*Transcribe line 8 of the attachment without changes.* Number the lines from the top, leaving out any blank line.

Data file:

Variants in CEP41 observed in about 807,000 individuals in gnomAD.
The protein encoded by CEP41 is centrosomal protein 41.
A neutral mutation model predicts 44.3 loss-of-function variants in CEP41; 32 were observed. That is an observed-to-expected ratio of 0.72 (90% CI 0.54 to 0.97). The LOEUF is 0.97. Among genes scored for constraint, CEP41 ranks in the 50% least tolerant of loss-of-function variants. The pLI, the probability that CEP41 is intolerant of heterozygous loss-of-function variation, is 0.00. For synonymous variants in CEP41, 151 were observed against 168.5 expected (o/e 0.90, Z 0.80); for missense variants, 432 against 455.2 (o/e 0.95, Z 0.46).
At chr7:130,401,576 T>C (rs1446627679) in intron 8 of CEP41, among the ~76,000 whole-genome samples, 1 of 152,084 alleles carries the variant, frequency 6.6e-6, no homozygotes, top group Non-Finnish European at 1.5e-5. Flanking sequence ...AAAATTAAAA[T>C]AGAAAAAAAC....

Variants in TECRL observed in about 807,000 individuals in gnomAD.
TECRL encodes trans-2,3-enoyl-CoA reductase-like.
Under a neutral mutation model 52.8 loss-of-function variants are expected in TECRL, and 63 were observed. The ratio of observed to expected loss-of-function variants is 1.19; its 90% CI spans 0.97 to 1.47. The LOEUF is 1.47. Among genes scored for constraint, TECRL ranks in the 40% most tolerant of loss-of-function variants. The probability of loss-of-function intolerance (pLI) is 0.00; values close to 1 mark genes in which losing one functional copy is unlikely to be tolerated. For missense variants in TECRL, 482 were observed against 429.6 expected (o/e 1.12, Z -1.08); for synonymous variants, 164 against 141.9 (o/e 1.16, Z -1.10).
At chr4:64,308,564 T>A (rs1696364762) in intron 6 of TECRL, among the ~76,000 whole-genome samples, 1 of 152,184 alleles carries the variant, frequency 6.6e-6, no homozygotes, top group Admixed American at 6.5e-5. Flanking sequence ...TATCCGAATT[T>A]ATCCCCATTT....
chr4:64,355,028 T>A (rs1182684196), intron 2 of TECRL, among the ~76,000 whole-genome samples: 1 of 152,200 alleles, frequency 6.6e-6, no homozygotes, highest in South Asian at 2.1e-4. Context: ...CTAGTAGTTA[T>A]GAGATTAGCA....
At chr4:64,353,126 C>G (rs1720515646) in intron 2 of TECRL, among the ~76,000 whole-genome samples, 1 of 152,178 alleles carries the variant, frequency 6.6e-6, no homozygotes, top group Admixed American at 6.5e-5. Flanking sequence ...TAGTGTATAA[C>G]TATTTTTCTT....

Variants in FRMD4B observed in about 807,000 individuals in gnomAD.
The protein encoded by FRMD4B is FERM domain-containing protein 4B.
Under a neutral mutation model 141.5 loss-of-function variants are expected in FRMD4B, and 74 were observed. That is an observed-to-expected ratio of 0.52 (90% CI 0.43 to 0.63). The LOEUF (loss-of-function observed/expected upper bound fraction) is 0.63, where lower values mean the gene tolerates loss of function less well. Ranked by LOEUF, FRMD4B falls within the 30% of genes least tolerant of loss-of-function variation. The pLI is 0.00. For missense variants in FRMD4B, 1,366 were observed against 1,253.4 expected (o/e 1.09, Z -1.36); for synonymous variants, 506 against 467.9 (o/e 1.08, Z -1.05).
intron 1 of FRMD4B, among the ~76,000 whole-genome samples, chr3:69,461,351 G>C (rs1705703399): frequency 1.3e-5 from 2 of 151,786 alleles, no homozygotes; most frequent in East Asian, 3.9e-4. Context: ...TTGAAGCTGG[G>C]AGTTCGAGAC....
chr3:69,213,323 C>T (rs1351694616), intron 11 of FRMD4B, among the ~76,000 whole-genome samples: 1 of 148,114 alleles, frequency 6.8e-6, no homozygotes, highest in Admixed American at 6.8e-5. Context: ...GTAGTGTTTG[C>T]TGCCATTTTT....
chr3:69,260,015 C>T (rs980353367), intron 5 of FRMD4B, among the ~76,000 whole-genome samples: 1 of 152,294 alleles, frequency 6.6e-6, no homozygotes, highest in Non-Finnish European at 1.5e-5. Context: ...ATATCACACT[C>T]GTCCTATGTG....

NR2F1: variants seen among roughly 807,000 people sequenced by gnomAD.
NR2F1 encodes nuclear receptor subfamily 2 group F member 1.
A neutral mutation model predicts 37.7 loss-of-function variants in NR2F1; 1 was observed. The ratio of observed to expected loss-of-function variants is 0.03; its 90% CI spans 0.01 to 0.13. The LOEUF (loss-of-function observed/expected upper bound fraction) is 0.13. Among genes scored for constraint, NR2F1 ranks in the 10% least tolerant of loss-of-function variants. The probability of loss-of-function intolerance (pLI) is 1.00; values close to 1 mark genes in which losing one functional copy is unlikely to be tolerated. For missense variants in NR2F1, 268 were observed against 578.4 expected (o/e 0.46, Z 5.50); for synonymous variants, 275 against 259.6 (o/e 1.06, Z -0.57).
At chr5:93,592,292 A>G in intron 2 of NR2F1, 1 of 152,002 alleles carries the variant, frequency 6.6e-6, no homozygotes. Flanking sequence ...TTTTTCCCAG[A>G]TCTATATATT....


At chr4:64,308,564 T>A (rs1696364762) in intron 6 of TECRL, among the ~76,000 whole-genome samples, 1 of 152,184 alleles carries the variant, frequency 6.6e-6, no homozygotes, top group Admixed American at 6.5e-5. Flanking sequence ...TATCCGAATT[T>A]ATCCCCATTT....